The importance of frequently sealing natural-stone surfaces is something archaeologists and architectural restoration experts know very well. In Rome, centuries of acid rain falling on the numerous marble columns around the historical city have taken a painful archaeological toll. The same can be said about ancient Mayan ruins, particularly those located closer to the heavily industrialized sectors of Mexico City, and even the Acropolis in Athens. The ancient builders of these magnificent structures didn’t get around to developing resin technology, and it wasn’t until the 17th century when an English gardener discovered the effects of acid rain on marble and limestone. Since then, archaeological restoration efforts have featured stone surface sealing, because not doing so could eventually ruin ancient structures, monuments, and sculptures. Here are a few things that could occur if you don’t seal the natural-stone countertops in your home.
The attractive colors, patterns, and textures of natural stone are the result of geological processes that start with chemical reactions. For example, the chemical composition of marble includes silicon dioxide, calcium carbonate, iron oxide, and other elements that react to certain substances, temperatures, and conditions. The ability of natural stone to produce chemical reactions doesn’t stop after it’s quarried, cut, finished, and installed. Keeping stone countertops sealed is a way to prevent chemical reactions that alter their appearance.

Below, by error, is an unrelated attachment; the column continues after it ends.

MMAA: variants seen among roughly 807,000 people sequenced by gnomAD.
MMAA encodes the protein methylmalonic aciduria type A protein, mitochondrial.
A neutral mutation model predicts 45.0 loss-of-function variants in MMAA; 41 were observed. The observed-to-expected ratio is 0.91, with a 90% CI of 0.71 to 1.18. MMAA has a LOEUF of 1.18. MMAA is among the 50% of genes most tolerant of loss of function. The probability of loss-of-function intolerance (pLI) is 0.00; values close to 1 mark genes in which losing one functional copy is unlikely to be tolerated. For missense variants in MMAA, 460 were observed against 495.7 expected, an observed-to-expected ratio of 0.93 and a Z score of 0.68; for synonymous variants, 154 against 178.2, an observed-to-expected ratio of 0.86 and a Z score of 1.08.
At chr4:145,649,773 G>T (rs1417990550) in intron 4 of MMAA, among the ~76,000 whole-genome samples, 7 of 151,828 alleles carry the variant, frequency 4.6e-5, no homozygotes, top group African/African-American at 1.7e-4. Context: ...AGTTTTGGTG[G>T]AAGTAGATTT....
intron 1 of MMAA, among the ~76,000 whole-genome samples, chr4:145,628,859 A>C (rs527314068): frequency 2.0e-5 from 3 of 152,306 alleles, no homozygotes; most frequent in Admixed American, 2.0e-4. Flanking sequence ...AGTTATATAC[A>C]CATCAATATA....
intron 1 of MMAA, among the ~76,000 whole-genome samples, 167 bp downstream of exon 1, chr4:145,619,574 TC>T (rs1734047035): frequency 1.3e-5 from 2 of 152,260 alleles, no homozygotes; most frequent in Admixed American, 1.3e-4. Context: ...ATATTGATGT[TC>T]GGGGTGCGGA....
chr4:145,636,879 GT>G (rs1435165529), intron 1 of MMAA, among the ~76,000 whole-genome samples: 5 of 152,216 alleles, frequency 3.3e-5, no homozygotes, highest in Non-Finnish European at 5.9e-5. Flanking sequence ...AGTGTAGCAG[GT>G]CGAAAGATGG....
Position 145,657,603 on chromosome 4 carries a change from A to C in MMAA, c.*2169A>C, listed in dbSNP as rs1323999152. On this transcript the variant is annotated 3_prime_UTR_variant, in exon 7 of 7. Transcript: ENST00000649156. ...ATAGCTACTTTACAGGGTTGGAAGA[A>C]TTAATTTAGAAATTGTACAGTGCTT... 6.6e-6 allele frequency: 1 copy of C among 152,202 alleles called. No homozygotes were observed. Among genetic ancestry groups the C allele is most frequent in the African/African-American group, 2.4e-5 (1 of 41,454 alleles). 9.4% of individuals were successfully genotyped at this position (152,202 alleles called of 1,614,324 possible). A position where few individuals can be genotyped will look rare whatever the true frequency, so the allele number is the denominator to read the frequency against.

The easiest way to understand what happens when you don’t seal your stone countertops is to perform a water test. In various spots on the countertop, pour water on top, about 3 inches in diameter. The porosity of the stone will result in absorption, which will in turn form a dark ring underneath if the surface doesn’t have a proper seal. This is how you know it’s definitely time to use a granite sealer. If the water flowing into your home is particularly “hard,” meaning it has a high mineral content, the stains it leaves on your stone countertops will be very unsightly and hard to remove.
Food and Grease Stains
Many organic substances have the right chemical compositions to create reactions within stone counters. Imagine spilled blackberry jam sitting on top of your white marble kitchen counter. Without a strong seal, this would be a difficult stain to remove, and the same can be said about natural coal or pine tar shampoo on a bathroom countertop made of sandstone.
Acidic Substance Damage
Low pH substances have high alkaline contents that could stain your stone counters and cause etching, which can disrupt the stone’s texture. For this reason, acidic substances must be kept away from natural-stone flooring and counters at all times, including common household cleaners. Make sure to only use a high-quality granite cleaner on your counters, and don’t forget to apply sealant frequently.
Granite Gold Sealer® is just what you need to seal your stone countertops properly, but it’s also recommended to have a granite polishing kit on-hand that contains many of the other essential products you need to care for your stone. If you have any questions related to caring for natural-stone and quartz surfaces, reach out to Granite Gold® today at 1-800-475-STONE (7866).
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